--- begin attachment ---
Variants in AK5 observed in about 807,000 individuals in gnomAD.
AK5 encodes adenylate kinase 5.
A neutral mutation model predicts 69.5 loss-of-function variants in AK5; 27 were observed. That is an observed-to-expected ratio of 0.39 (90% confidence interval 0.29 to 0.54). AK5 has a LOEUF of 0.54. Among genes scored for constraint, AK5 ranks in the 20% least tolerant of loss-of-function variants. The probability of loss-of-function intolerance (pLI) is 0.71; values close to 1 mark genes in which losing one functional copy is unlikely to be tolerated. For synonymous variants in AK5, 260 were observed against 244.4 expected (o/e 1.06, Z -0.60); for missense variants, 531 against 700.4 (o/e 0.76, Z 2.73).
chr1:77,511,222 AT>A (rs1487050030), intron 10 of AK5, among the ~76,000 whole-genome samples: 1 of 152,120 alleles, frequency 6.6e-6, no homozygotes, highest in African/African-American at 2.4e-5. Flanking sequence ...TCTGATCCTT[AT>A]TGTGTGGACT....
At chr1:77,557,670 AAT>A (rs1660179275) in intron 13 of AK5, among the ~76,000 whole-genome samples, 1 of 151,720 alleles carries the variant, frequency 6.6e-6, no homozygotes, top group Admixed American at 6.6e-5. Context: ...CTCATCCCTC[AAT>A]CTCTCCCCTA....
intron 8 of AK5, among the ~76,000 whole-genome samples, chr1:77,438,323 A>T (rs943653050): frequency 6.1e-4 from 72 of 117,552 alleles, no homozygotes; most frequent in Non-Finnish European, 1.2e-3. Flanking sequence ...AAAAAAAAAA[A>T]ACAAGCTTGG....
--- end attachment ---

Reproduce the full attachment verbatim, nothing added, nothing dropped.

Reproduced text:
Variants in AK5 observed in about 807,000 individuals in gnomAD.
AK5 encodes adenylate kinase 5.
A neutral mutation model predicts 69.5 loss-of-function variants in AK5; 27 were observed. That is an observed-to-expected ratio of 0.39 (90% confidence interval 0.29 to 0.54). AK5 has a LOEUF of 0.54. Among genes scored for constraint, AK5 ranks in the 20% least tolerant of loss-of-function variants. The probability of loss-of-function intolerance (pLI) is 0.71; values close to 1 mark genes in which losing one functional copy is unlikely to be tolerated. For synonymous variants in AK5, 260 were observed against 244.4 expected (o/e 1.06, Z -0.60); for missense variants, 531 against 700.4 (o/e 0.76, Z 2.73).
chr1:77,511,222 AT>A (rs1487050030), intron 10 of AK5, among the ~76,000 whole-genome samples: 1 of 152,120 alleles, frequency 6.6e-6, no homozygotes, highest in African/African-American at 2.4e-5. Flanking sequence ...TCTGATCCTT[AT>A]TGTGTGGACT....
At chr1:77,557,670 AAT>A (rs1660179275) in intron 13 of AK5, among the ~76,000 whole-genome samples, 1 of 151,720 alleles carries the variant, frequency 6.6e-6, no homozygotes, top group Admixed American at 6.6e-5. Context: ...CTCATCCCTC[AAT>A]CTCTCCCCTA....
intron 8 of AK5, among the ~76,000 whole-genome samples, chr1:77,438,323 A>T (rs943653050): frequency 6.1e-4 from 72 of 117,552 alleles, no homozygotes; most frequent in Non-Finnish European, 1.2e-3. Flanking sequence ...AAAAAAAAAA[A>T]ACAAGCTTGG....